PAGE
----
Nov. 17, 2015 by Chad Schieber, Director of Client Services, The Beck Group

Opportunity Knows No Borders

It’s critical to think globally to succeed locally. That was the message from Former United States Trade Representative and Dallas Mayor Ron Kirk, as he wrapped up The Real Estate Council’s Bank of Texas Speaker Series.

In fact, he emphasized that Texas and the United States benefit from a strong global economy as much as the rest of the world gains from our strength.

With 95 percent of the world’s consumers living outside the United States, we have a huge opportunity to provide goods and services to transform their lives. That means competing on a global scale. And competition is increasingly fierce, as the rest of the world works to get in on the game. According to Kirk, the U.S. can compete in national and local ways.

National Competition

Trade Agreements: These treaties are key to exposing U.S. businesses to global consumers. While 75 percent of Americans think that trade agreements harm the economy by shipping jobs overseas, the numbers show consumers actually benefit.

  • For every $1 billion of goods that the US exports, 5,000 new jobs are created.
  • There are 4,300 jobs created for every $1 billion of services exported.
  • In 2014, Texas, the top state for exports, sent $289 million in goods to overseas markets and gained 1.1 million jobs in return.

The TransPacific Partnership, which connects the U.S. to 11 countries in Southeast Asia, and the North American Free Trade Agreement (NAFTA), connecting the U.S. to Mexico and Canada, have played a role in providing the U.S. access to 1.5 billion new customers, open to buying American goods and services.  

Local Competition

To compete on a global stage it’s essential that we compete on a local level too.

Location: Texas’ unique location gives the state a natural advantage, but we must compete on more than just location. We must compete with visionary ideas.

Urban Planning & Transportation: Twenty years ago groups like The Real Estate Council had a vision to enhance the livability of Downtown Dallas. Today 10,000 people live in the area. Twenty years ago Klyde Warren Park was an idea. Now the area above a busy highway is a popular park. We have an opportunity to add to our landscape. Twenty years from now a bullet train may connect Dallas and Houston, not only connecting two large cities, but two large economies too.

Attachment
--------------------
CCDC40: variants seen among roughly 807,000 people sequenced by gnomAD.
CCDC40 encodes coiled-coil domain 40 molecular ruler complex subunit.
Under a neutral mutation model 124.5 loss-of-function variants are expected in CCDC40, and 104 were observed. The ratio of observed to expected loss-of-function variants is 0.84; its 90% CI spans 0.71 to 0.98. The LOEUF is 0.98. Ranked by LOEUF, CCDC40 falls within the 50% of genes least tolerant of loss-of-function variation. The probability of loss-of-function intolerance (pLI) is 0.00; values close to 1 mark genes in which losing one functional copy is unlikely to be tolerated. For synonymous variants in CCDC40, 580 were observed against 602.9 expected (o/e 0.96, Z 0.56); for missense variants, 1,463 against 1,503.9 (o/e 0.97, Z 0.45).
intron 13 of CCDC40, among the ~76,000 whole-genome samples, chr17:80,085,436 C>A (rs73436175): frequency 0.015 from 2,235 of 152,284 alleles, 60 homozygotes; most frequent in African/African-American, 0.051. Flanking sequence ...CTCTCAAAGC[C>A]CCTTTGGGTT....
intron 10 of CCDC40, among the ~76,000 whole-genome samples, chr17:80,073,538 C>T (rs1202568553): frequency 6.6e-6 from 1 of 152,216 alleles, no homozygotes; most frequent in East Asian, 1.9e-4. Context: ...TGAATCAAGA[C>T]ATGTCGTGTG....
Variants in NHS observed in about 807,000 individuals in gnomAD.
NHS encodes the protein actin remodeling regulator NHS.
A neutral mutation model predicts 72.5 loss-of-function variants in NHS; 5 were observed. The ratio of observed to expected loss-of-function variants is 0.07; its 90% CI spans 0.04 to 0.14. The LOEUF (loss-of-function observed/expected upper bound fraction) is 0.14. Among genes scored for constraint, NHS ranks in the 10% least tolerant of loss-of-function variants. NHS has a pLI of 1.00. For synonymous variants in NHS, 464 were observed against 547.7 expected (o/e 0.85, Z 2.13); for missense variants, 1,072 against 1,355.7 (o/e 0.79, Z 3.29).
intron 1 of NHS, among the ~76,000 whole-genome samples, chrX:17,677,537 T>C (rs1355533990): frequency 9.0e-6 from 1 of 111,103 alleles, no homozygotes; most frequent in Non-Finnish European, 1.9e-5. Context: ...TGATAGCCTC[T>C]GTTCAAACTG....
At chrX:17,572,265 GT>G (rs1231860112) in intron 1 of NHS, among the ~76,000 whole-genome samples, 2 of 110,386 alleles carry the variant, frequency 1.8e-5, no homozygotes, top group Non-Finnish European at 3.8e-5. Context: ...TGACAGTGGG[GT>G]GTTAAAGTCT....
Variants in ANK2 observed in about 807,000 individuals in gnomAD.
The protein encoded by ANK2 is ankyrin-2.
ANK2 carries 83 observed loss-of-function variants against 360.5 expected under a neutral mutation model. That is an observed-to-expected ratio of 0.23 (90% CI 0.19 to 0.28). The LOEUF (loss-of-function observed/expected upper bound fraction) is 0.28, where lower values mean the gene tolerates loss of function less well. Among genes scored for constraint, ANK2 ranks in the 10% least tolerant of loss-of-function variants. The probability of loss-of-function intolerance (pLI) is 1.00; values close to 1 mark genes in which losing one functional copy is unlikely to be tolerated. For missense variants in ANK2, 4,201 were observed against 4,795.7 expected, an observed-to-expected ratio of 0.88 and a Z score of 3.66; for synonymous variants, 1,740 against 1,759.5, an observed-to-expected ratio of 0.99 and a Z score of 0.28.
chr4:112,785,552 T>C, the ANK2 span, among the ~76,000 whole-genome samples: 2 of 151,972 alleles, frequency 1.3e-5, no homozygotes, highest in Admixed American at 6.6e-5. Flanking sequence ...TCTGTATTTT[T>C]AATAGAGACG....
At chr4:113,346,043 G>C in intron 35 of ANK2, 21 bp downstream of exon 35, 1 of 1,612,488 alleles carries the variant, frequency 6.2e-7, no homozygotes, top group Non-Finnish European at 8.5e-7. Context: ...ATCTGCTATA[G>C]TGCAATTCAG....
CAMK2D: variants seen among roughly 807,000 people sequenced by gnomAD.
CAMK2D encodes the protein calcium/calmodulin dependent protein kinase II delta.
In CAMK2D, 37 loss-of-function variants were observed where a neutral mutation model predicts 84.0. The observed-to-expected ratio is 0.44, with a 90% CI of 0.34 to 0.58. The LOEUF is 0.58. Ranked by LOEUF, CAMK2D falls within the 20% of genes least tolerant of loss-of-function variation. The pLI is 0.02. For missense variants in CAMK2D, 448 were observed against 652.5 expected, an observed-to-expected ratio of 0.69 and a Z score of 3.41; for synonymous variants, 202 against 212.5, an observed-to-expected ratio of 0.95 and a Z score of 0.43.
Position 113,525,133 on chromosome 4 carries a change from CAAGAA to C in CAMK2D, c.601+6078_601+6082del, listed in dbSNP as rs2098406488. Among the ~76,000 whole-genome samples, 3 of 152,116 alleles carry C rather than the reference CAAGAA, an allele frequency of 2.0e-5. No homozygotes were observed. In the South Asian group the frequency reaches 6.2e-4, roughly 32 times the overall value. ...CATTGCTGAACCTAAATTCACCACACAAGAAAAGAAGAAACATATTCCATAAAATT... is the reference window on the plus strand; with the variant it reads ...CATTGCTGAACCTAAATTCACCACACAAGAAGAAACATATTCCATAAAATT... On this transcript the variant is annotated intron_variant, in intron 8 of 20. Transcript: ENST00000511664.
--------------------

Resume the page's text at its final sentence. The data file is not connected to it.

Education: Competition will require more from us and we must have a means increase our skills, especially for our children. Seventy percent of children in Dallas attend school in the Dallas Independent School District. Many of these children are the first in their families to go to school in the US. Our ability to compete on a local, national and global scale depends on our investment in the school district and these children who will be the engine for our competitiveness in the future.

Take Action

The time is now to stay engaged in our schools, business, communities and governments. As members of The Real Estate Council we have a unique opportunity to focus on the areas of education, environment, housing and job creation – key components that will make Dallas, Texas and the United States competitive on a global stage. Where will you get involved?

Chad Schieber is Director of Client Services at The Beck Group, a collaborative team of designers and builders, offering planning, architecture, interior design, construction and sustainability consulting services. He leads strategic relationships and pursuits for the Dallas regional office.